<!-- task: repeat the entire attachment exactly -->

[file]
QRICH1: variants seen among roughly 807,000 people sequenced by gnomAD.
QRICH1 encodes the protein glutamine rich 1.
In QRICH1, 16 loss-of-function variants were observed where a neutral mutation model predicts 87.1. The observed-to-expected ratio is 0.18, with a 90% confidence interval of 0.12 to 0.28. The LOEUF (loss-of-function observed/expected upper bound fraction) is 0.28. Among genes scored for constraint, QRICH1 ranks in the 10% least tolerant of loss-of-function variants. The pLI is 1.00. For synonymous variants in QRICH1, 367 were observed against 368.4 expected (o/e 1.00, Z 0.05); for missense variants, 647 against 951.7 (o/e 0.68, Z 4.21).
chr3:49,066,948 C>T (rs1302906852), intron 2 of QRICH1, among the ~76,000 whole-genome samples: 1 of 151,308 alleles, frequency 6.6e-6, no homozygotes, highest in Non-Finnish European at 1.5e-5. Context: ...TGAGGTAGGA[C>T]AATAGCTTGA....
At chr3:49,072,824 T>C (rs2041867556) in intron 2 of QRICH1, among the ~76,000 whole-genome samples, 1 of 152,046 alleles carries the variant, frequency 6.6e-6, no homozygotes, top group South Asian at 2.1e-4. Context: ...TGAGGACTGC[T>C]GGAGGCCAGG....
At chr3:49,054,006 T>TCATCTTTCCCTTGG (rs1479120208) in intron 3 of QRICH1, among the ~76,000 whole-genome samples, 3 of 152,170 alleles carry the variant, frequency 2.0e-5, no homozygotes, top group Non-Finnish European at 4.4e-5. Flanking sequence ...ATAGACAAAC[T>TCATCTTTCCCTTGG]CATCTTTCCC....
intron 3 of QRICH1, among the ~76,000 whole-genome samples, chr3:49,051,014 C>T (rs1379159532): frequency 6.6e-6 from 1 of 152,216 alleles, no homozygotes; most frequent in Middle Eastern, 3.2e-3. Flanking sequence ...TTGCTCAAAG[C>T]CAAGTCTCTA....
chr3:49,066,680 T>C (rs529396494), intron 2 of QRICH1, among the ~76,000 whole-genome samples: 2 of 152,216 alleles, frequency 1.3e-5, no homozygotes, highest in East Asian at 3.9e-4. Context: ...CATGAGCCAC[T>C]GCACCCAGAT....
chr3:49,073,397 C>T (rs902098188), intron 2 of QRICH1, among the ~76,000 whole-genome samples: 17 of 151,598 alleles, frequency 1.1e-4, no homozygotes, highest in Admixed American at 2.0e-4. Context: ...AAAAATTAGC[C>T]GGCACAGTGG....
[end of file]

QRICH1: variants seen among roughly 807,000 people sequenced by gnomAD.
QRICH1 encodes the protein glutamine rich 1.
In QRICH1, 16 loss-of-function variants were observed where a neutral mutation model predicts 87.1. The observed-to-expected ratio is 0.18, with a 90% confidence interval of 0.12 to 0.28. The LOEUF (loss-of-function observed/expected upper bound fraction) is 0.28. Among genes scored for constraint, QRICH1 ranks in the 10% least tolerant of loss-of-function variants. The pLI is 1.00. For synonymous variants in QRICH1, 367 were observed against 368.4 expected (o/e 1.00, Z 0.05); for missense variants, 647 against 951.7 (o/e 0.68, Z 4.21).
chr3:49,066,948 C>T (rs1302906852), intron 2 of QRICH1, among the ~76,000 whole-genome samples: 1 of 151,308 alleles, frequency 6.6e-6, no homozygotes, highest in Non-Finnish European at 1.5e-5. Context: ...TGAGGTAGGA[C>T]AATAGCTTGA....
At chr3:49,072,824 T>C (rs2041867556) in intron 2 of QRICH1, among the ~76,000 whole-genome samples, 1 of 152,046 alleles carries the variant, frequency 6.6e-6, no homozygotes, top group South Asian at 2.1e-4. Context: ...TGAGGACTGC[T>C]GGAGGCCAGG....
At chr3:49,054,006 T>TCATCTTTCCCTTGG (rs1479120208) in intron 3 of QRICH1, among the ~76,000 whole-genome samples, 3 of 152,170 alleles carry the variant, frequency 2.0e-5, no homozygotes, top group Non-Finnish European at 4.4e-5. Flanking sequence ...ATAGACAAAC[T>TCATCTTTCCCTTGG]CATCTTTCCC....
intron 3 of QRICH1, among the ~76,000 whole-genome samples, chr3:49,051,014 C>T (rs1379159532): frequency 6.6e-6 from 1 of 152,216 alleles, no homozygotes; most frequent in Middle Eastern, 3.2e-3. Flanking sequence ...TTGCTCAAAG[C>T]CAAGTCTCTA....
chr3:49,066,680 T>C (rs529396494), intron 2 of QRICH1, among the ~76,000 whole-genome samples: 2 of 152,216 alleles, frequency 1.3e-5, no homozygotes, highest in East Asian at 3.9e-4. Context: ...CATGAGCCAC[T>C]GCACCCAGAT....
chr3:49,073,397 C>T (rs902098188), intron 2 of QRICH1, among the ~76,000 whole-genome samples: 17 of 151,598 alleles, frequency 1.1e-4, no homozygotes, highest in Admixed American at 2.0e-4. Context: ...AAAAATTAGC[C>T]GGCACAGTGG....